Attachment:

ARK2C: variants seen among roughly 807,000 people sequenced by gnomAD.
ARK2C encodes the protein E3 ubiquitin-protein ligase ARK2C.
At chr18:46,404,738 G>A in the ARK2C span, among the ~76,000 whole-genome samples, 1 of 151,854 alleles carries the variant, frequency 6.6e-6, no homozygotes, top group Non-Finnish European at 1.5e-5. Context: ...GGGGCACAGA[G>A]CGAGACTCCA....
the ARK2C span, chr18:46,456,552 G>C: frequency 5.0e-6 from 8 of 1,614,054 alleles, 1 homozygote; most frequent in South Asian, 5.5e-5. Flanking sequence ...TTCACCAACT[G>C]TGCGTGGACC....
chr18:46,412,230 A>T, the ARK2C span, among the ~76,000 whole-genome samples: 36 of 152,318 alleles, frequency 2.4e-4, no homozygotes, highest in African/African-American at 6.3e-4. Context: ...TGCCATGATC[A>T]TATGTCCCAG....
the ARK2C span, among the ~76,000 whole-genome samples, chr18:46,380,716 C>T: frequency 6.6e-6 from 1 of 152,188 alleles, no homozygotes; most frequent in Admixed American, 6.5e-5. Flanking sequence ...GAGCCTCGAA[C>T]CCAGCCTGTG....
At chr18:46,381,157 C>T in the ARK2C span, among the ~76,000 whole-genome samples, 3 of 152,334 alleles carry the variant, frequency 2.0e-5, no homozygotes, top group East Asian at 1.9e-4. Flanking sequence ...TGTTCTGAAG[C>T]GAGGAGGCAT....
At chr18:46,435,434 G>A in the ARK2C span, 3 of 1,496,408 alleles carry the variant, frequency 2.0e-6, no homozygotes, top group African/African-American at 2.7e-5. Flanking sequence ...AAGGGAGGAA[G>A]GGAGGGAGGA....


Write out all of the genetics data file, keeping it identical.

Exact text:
ARK2C: variants seen among roughly 807,000 people sequenced by gnomAD.
ARK2C encodes the protein E3 ubiquitin-protein ligase ARK2C.
At chr18:46,404,738 G>A in the ARK2C span, among the ~76,000 whole-genome samples, 1 of 151,854 alleles carries the variant, frequency 6.6e-6, no homozygotes, top group Non-Finnish European at 1.5e-5. Context: ...GGGGCACAGA[G>A]CGAGACTCCA....
the ARK2C span, chr18:46,456,552 G>C: frequency 5.0e-6 from 8 of 1,614,054 alleles, 1 homozygote; most frequent in South Asian, 5.5e-5. Flanking sequence ...TTCACCAACT[G>C]TGCGTGGACC....
chr18:46,412,230 A>T, the ARK2C span, among the ~76,000 whole-genome samples: 36 of 152,318 alleles, frequency 2.4e-4, no homozygotes, highest in African/African-American at 6.3e-4. Context: ...TGCCATGATC[A>T]TATGTCCCAG....
the ARK2C span, among the ~76,000 whole-genome samples, chr18:46,380,716 C>T: frequency 6.6e-6 from 1 of 152,188 alleles, no homozygotes; most frequent in Admixed American, 6.5e-5. Flanking sequence ...GAGCCTCGAA[C>T]CCAGCCTGTG....
At chr18:46,381,157 C>T in the ARK2C span, among the ~76,000 whole-genome samples, 3 of 152,334 alleles carry the variant, frequency 2.0e-5, no homozygotes, top group East Asian at 1.9e-4. Flanking sequence ...TGTTCTGAAG[C>T]GAGGAGGCAT....
At chr18:46,435,434 G>A in the ARK2C span, 3 of 1,496,408 alleles carry the variant, frequency 2.0e-6, no homozygotes, top group African/African-American at 2.7e-5. Flanking sequence ...AAGGGAGGAA[G>A]GGAGGGAGGA....